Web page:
on . Posted in Thermodynamics

enthalpy of system 1Enthalpy, abbreviated as H, measures the sum of internal energy changes in heat under constant pressure of the system.  In other words, enthalpy represents the energy of a system due to its internal energy and the work done by or on the system as it changes volume under constant pressure.  It includes both the heat energy and the energy associated with work done.

Enthalpy is often used in the context of chemical reactions, where it provides information about the heat exchanged during the process.  The specific enthalpy is useful for analyzing energy transfers and transformations in systems involving fluids, such as in thermodynamics and fluid mechanics.

Overall, enthalpy is a fundamental concept in thermodynamics that allows us to understand and quantify the energy content and energy exchanges of a system, particularly under conditions of constant pressure.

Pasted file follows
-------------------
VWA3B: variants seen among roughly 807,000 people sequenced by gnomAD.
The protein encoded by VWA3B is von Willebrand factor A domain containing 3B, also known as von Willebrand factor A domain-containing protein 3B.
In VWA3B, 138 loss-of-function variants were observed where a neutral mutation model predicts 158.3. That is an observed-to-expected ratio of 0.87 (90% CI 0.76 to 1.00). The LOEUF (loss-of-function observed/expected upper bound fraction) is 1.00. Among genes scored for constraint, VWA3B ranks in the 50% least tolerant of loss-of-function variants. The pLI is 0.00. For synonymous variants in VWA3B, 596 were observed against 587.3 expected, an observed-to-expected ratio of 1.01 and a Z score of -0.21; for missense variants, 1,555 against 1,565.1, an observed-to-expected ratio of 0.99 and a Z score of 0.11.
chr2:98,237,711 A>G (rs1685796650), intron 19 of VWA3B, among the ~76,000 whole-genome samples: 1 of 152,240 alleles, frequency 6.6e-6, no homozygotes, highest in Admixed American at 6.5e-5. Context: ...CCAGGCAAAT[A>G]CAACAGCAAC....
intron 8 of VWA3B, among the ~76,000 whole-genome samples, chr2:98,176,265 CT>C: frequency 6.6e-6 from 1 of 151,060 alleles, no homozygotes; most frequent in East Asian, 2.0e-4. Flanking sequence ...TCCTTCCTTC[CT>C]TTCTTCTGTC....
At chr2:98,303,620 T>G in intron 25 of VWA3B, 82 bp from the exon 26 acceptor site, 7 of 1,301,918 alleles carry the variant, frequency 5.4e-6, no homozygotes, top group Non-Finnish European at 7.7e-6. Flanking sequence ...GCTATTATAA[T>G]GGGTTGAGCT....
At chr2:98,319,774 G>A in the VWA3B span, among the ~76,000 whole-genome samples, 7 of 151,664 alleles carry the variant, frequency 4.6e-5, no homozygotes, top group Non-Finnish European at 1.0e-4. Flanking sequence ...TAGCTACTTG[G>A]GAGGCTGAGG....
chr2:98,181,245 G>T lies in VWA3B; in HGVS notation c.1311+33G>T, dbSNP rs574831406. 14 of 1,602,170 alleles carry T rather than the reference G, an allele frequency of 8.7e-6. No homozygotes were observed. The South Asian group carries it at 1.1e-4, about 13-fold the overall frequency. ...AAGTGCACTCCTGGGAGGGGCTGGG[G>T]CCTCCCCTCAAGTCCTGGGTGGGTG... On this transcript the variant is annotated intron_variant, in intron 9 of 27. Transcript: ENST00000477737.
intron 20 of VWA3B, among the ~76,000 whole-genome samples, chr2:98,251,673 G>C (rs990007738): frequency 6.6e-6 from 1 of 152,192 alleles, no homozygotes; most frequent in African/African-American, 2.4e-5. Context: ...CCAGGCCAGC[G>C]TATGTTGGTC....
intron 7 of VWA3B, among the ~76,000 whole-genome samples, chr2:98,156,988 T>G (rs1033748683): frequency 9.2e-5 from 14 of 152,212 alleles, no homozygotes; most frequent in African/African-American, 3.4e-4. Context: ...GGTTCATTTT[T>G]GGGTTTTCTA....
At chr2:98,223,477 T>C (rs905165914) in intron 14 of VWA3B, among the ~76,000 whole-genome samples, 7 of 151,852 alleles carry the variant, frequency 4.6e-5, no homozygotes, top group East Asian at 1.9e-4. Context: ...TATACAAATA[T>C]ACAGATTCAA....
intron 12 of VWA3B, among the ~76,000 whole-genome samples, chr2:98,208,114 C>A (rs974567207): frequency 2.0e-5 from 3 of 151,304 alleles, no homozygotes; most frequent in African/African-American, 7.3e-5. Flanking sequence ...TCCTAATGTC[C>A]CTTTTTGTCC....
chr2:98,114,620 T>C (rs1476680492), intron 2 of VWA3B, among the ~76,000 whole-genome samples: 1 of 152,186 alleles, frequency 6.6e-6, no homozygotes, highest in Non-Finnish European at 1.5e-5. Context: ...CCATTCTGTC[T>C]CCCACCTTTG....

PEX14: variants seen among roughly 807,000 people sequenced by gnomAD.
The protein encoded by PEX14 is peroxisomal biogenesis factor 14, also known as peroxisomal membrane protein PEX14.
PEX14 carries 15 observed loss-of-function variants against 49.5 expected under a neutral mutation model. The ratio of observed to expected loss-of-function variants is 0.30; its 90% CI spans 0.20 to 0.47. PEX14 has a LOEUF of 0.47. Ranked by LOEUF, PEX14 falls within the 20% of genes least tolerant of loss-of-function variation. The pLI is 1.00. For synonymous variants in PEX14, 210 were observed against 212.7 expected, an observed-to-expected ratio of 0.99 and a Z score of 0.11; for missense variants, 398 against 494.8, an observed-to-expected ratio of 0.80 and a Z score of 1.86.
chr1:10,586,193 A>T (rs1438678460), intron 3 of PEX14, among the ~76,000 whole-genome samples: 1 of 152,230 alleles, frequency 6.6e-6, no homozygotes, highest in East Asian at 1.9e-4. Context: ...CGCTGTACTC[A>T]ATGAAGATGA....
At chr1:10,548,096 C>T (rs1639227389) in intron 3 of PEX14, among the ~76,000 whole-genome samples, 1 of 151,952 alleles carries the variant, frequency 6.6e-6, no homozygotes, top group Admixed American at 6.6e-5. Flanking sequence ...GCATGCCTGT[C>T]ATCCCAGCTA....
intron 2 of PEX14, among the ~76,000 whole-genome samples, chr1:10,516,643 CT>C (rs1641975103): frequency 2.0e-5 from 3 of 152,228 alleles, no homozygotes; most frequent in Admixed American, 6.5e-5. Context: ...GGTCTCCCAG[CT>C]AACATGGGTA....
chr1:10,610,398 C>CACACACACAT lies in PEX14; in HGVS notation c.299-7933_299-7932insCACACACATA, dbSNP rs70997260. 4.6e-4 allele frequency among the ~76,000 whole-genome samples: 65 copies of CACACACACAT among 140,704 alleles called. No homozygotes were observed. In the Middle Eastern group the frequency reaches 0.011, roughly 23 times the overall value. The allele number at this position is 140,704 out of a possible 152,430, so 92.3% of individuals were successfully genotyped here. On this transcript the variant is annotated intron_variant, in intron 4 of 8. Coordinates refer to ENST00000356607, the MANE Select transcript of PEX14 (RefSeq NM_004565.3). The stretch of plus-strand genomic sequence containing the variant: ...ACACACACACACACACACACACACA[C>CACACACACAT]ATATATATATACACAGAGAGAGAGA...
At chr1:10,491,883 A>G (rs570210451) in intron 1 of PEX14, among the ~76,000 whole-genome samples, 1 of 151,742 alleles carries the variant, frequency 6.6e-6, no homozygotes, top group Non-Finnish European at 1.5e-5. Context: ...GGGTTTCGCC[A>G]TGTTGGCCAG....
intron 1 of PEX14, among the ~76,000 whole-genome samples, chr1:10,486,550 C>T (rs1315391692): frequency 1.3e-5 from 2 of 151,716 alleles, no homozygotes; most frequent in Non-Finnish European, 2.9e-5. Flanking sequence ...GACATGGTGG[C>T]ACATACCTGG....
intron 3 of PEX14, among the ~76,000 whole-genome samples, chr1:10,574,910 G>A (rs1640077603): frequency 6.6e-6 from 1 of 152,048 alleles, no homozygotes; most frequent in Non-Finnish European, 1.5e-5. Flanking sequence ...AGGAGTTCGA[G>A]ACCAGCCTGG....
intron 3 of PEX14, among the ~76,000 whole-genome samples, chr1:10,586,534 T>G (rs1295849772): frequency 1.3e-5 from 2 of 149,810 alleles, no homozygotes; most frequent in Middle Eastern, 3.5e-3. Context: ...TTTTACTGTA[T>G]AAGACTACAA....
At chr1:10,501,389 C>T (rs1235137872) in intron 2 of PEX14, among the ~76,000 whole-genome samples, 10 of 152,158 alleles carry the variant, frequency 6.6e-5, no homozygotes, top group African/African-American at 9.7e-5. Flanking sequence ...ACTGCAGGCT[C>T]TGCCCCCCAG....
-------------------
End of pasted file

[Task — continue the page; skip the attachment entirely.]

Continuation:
Enthalpy formula

\( H =  U + p \; V   \)     (Enthalpy)

\( U =  H - p \; V   \)

\( p =  H - U \;/\; V   \)

\( V =  H - U \;/\; p   \)

Symbol English Metric
\( H \) = enthalpy of a system \(Btu\;/\;lbm\) \(kJ\;/\;kg\)
\( U \) = internal energy of work done in a system \(Btu\) \(J\)
\( p \) = pressure \(lbf\;/\;in^2\) \(Pa\)
\( V \) = volume of a system \(ft^3\) \(m^3\)


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Tags: Energy Enthalpy Laws of Physics Laws of Thermodynamics